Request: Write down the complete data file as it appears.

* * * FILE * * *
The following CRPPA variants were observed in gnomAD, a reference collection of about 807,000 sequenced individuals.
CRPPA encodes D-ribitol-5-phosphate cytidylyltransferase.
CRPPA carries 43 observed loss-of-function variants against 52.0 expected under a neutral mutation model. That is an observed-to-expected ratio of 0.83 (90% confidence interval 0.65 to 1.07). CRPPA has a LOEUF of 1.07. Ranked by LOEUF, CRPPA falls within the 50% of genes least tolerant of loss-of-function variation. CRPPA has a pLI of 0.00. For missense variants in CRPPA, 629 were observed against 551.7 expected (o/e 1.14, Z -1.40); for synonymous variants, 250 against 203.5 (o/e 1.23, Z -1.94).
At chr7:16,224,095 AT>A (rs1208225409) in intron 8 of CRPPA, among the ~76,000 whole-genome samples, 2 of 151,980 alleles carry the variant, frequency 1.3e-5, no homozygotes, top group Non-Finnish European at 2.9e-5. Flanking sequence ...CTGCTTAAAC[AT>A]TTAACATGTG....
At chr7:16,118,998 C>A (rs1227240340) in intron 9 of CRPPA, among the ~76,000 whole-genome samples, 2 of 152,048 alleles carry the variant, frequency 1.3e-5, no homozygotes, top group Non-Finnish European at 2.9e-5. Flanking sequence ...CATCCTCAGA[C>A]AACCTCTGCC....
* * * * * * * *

The following CRPPA variants were observed in gnomAD, a reference collection of about 807,000 sequenced individuals.
CRPPA encodes D-ribitol-5-phosphate cytidylyltransferase.
CRPPA carries 43 observed loss-of-function variants against 52.0 expected under a neutral mutation model. That is an observed-to-expected ratio of 0.83 (90% confidence interval 0.65 to 1.07). CRPPA has a LOEUF of 1.07. Ranked by LOEUF, CRPPA falls within the 50% of genes least tolerant of loss-of-function variation. CRPPA has a pLI of 0.00. For missense variants in CRPPA, 629 were observed against 551.7 expected (o/e 1.14, Z -1.40); for synonymous variants, 250 against 203.5 (o/e 1.23, Z -1.94).
At chr7:16,224,095 AT>A (rs1208225409) in intron 8 of CRPPA, among the ~76,000 whole-genome samples, 2 of 151,980 alleles carry the variant, frequency 1.3e-5, no homozygotes, top group Non-Finnish European at 2.9e-5. Flanking sequence ...CTGCTTAAAC[AT>A]TTAACATGTG....
At chr7:16,118,998 C>A (rs1227240340) in intron 9 of CRPPA, among the ~76,000 whole-genome samples, 2 of 152,048 alleles carry the variant, frequency 1.3e-5, no homozygotes, top group Non-Finnish European at 2.9e-5. Flanking sequence ...CATCCTCAGA[C>A]AACCTCTGCC....